As far as I've read or experienced, I don't know the difference between naan and pita bread. Regarding ingredients, they are both enriched, leavened (w yeast) flat breads. The enrichment is often milk, butter and/or yogurt (@CocktailStat even uses sour cream!) and sweetener honey or sugar. Regarding method, pita is often baked while naan is supposed to be made in a tandoor oven. The other significant difference is in form, pita is thicker and naan often much thinner so as to use as a flexible scoop for food.
I've posted on this type of flatbread a million times - I love them because they're tasty and fast to make, no need to warm up the refrigerated dough. I've done them on the stove top, and again on the stove top, and baked them in a ridiculous oven I made. Some I've started on the stove top and then tossed them in the broiler to finish. These methods aren't bad, but I wanted something better, better color and texture, faster bake on the outside to leave the middle super soft and tender.
Having studied a few diy tandoor ovens on YouTube, I identified the tandoor's critical components: a super hot surface with high contact to the dough and an exposed heat source that sears the other side of the dough. The broiler! I placed a 15" diameter cast iron pan on the middle rack, and heated the oven to 550F on broiler setting - this means only the top element is on. Your oven must be damn clean to do this. With the cast iron in place - I did many, many trials.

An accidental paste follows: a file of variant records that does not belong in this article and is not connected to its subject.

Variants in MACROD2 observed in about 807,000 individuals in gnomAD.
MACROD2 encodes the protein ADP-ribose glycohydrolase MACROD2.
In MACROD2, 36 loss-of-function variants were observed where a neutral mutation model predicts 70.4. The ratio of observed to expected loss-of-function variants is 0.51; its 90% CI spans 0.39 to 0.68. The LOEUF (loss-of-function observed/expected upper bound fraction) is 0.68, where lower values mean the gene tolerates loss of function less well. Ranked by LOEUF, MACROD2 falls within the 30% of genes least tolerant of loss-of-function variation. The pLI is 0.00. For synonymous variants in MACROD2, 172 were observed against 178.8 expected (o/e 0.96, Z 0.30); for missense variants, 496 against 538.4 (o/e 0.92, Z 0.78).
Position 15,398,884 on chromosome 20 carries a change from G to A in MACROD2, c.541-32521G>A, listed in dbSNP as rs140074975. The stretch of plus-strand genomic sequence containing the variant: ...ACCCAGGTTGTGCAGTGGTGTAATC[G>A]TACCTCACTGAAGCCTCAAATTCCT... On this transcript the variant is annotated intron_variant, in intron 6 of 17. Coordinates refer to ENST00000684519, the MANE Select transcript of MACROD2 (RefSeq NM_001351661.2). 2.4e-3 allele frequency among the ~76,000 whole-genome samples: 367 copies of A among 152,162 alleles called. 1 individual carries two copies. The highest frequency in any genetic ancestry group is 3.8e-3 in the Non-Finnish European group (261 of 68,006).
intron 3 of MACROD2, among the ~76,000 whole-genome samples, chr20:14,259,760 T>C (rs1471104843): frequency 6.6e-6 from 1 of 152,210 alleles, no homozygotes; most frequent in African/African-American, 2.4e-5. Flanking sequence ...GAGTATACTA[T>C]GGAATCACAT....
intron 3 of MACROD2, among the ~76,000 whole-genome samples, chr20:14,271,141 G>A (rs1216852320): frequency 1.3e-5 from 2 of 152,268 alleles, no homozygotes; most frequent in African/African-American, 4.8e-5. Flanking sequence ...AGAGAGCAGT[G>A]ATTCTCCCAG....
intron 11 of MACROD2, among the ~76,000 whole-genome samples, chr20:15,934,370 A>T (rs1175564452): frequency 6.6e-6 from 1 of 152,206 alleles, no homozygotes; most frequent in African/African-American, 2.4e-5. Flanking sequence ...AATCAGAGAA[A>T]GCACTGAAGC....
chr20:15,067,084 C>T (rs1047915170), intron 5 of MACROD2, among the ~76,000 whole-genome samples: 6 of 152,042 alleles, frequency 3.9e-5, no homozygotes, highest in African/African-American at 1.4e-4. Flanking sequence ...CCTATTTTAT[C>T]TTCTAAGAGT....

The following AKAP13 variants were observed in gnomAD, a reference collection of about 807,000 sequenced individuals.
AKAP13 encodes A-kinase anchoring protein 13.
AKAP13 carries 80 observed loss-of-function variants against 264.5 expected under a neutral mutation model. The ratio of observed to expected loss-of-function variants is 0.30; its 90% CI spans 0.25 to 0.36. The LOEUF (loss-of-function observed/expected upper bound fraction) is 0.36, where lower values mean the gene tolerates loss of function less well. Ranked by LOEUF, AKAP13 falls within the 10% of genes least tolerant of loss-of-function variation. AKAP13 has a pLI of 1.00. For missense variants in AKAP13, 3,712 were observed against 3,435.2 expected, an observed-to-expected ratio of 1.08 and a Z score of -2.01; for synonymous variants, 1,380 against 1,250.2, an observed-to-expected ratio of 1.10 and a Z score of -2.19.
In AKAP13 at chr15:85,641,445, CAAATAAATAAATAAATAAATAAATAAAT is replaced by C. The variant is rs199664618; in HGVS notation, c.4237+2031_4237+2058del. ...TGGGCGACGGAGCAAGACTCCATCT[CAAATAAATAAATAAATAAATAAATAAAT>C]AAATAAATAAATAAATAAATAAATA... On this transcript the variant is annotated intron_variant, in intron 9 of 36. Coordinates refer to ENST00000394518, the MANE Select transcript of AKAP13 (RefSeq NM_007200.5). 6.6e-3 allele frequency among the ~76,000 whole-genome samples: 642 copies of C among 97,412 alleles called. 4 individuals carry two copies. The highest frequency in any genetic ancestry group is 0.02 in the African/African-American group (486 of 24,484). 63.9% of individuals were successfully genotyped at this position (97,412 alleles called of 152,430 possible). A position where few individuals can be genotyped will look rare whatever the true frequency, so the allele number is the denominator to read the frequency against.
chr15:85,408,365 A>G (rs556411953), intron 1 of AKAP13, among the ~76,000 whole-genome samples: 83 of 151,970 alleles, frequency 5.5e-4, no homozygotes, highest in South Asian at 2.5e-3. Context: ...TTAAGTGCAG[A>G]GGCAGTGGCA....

1. Dough made of milk 180 g (3/4 C), yogurt 20 g (1 T), butter 12 g (1 T), sugar 10 g (2 t), salt 5 g (1 t), Fleischmann's instant active 3 g (1 t), unbleached white flour (Montana Sapphire or Gold Medal unbleached white) 300 g (2 C + 2 T). Mixed/kneaded in a bread machine and left in fridge overnight.